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Carmen Villain
Only Love From Now On Bernie Brooks , March 7th, 2022 09:16

Carmen Villain continues a run of near-perfect releases by refining what came before and offering the listener a measure of hope, says Bernie Brooks

Carmen Villain is a world builder, and these days, I’m glad for it. (Have you seen the world we're living in?) Like a lot of people, I'm still trying to come to grips with 2020 and 2021, the latter – again, this is probably true of a lot of people – being almost certainly the most traumatic year of my life, personally speaking. I’ll not get into it here, though none of it's a big secret. In any case, in most ways a year can be traumatic, last year was. Not just on a personal level, but communally, at every strata of society: local, citywide, statewide, nationally, globally. Then, as soon as we maybe have a handle on what just happened to us, a looming tidal wave of shit has us all on our heels. Anyway, sometimes you've got to dip out for a half hour, forty-five minutes. So yeah, thank goodness for world builders.

Villain conjures landscapes both natural and manmade in sound, realising sonic vistas coloured in rich violets. There are yellows and oranges and vibrant greens, and warm red tempered by cool blues. There's speckled sunlight on water, humidity hanging in the air, condensation on foliage. Things are lush mostly, and sometimes dewy, but there are quiet, empty streets, too. You can absolutely see it. And you can feel it – a certain sense of safety in nature, of safety among friends, among family. There's a kind of specificity, too. We’re not talking vague platitudes or generalizations. Villain's worlds are inner visions projected outwards.

That’s a description of Villain’s latest LP, Only Love From Now On, by the way. It’s the fifth in a string of near-perfect, roughly album-length releases that kicked off with the release of Both Lines Will Be Blue in mid-2019. I’ve written about Villain’s aesthetic at length before: “gentle but never wimpy”; “the crossroads of dub, ambient, and new age”; “canyon-esque dub space”. And all of that still applies. What we're witnessing here isn’t radical reinvention (which is hugely overrated anyhow), but the continued refinement and mastery of a specific milieu, and the judicious introduction of new elements and a new collaborator in Arve Henriksen – who joins Villain on trumpet and electronics along with longtime collaborator Johanna Scheie Orellana on flute.

Only Love’s three collaborations – which bookend the record and mark its midpoint – are highlights. Henriksen appears on the lengthy opener ‘Gestures’, a track that emphasises and foregrounds the Hassellian fourth-worldisms that Villain makes her own throughout the LP as brass and woodwind float and whorl over a beat that knocks and sways. The track has a languid feel but is never aimless, serving as an ideal introduction to the album’s overall vibe, which is further underscored by the beatless title track featuring Orellana. Over the course of eight minutes, layers of flute and breathy, hissing drone commingle in airy sort of choreography. The composition maintains an almost meditative sensibility until about five minutes in, when Orellana’s flute briefly breaks free and soars in a moment of ecstatic enlightenment. If ‘Gestures’ underlines the Hassell in Villain’s sound, ‘Only Love From Now On’ highlights her affinity for the cosmic jazz of Alice Coltrane et al.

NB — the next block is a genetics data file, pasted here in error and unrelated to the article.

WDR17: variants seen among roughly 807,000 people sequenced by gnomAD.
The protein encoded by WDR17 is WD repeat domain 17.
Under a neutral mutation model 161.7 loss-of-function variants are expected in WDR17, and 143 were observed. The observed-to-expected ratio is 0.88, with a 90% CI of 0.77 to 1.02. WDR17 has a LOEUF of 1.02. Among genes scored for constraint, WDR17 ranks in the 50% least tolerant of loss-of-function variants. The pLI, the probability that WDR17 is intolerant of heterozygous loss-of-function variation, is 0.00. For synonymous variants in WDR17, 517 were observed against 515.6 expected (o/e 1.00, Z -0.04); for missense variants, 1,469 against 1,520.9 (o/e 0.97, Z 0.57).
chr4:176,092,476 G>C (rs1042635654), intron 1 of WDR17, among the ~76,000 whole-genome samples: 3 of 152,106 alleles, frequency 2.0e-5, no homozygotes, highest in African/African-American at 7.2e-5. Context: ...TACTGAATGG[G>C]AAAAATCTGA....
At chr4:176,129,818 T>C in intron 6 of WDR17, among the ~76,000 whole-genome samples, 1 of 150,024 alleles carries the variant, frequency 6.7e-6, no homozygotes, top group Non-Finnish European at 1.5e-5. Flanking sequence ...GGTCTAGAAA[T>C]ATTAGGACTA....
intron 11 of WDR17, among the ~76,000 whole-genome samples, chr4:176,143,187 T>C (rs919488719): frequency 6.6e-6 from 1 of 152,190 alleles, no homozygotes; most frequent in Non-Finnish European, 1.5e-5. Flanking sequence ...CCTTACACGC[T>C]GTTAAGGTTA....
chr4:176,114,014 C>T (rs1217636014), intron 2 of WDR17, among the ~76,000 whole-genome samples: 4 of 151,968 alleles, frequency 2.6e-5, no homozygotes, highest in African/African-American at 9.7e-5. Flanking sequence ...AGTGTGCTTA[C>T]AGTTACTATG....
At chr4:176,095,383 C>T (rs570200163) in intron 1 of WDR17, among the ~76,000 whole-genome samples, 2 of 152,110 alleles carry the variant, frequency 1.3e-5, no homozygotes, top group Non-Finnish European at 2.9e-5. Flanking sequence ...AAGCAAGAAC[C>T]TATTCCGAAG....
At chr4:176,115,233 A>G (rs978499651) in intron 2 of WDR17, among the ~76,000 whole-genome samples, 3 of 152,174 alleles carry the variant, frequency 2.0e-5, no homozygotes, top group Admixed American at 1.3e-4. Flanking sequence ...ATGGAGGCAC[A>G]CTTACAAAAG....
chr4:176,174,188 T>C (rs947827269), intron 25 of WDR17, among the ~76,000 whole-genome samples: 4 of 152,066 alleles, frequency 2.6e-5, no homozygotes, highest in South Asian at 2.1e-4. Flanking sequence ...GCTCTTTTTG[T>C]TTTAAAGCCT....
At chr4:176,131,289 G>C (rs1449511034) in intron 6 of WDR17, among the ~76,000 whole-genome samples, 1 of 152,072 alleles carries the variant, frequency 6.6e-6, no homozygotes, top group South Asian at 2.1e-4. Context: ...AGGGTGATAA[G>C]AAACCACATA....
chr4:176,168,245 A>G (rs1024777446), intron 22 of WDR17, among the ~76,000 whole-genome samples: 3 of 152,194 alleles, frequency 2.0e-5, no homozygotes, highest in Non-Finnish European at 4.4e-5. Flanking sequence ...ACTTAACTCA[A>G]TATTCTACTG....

Closer ‘Portals’, once again featuring Orellana, brings the album full circle. The interplay between the thrumming beat and wind instruments recalls the album’s opener, as if adding Orellana’s voice to the previous conversation. Crucial to the track’s success, and to the success of the album as a whole, is Villain’s careful consideration of low-end and rhythm in her compositions. Her work possesses a rich variety of bass tones and rumbles with subs. Even at points where there’s no beat to speak of, as on ‘Silueta’, rhythmic momentum is never neglected. Things don’t simply drift. Loops cycle like wheels within wheels atop wheels, moving the track forward to its conclusion.

While there is a comforting aspect of escapism to listening to Villain’s work, she’s no fantasist. Instead, I’d say there's something of the utopian about these compositions, of what could be. There’s a strange feeling of history, of something won. By that same token, hers isn’t a world free of tension. You can sense the precarity of it all, perhaps in recognition of the importance of balance – between mankind and nature, and in all things. Or it could be I’m reading too much into it, projecting.

Of all the stuff that made the past year or two so difficult to process, maybe the weirdest was the realisation that it wasn’t all bad. There were some high highs amid the lows. When viewed from a slightly different angle, Villain’s optimistic music can seem like an acknowledgement of this, expressly composed to help us see that even in a world awash with ugliness and hate, beauty and love are possible. And if those anomalies can exist, so too must justice sometimes come to pass in an unjust world, and so too must the humane exist in an inhumane world. And so on and so forth. At the risk of mawkishness, Villain’s most vivid conjuring within Only Love From Now On might simply be hope. And if that, against all odds, transcends the album’s runtime for a day or an hour or even a few minutes, it is an invaluable gift.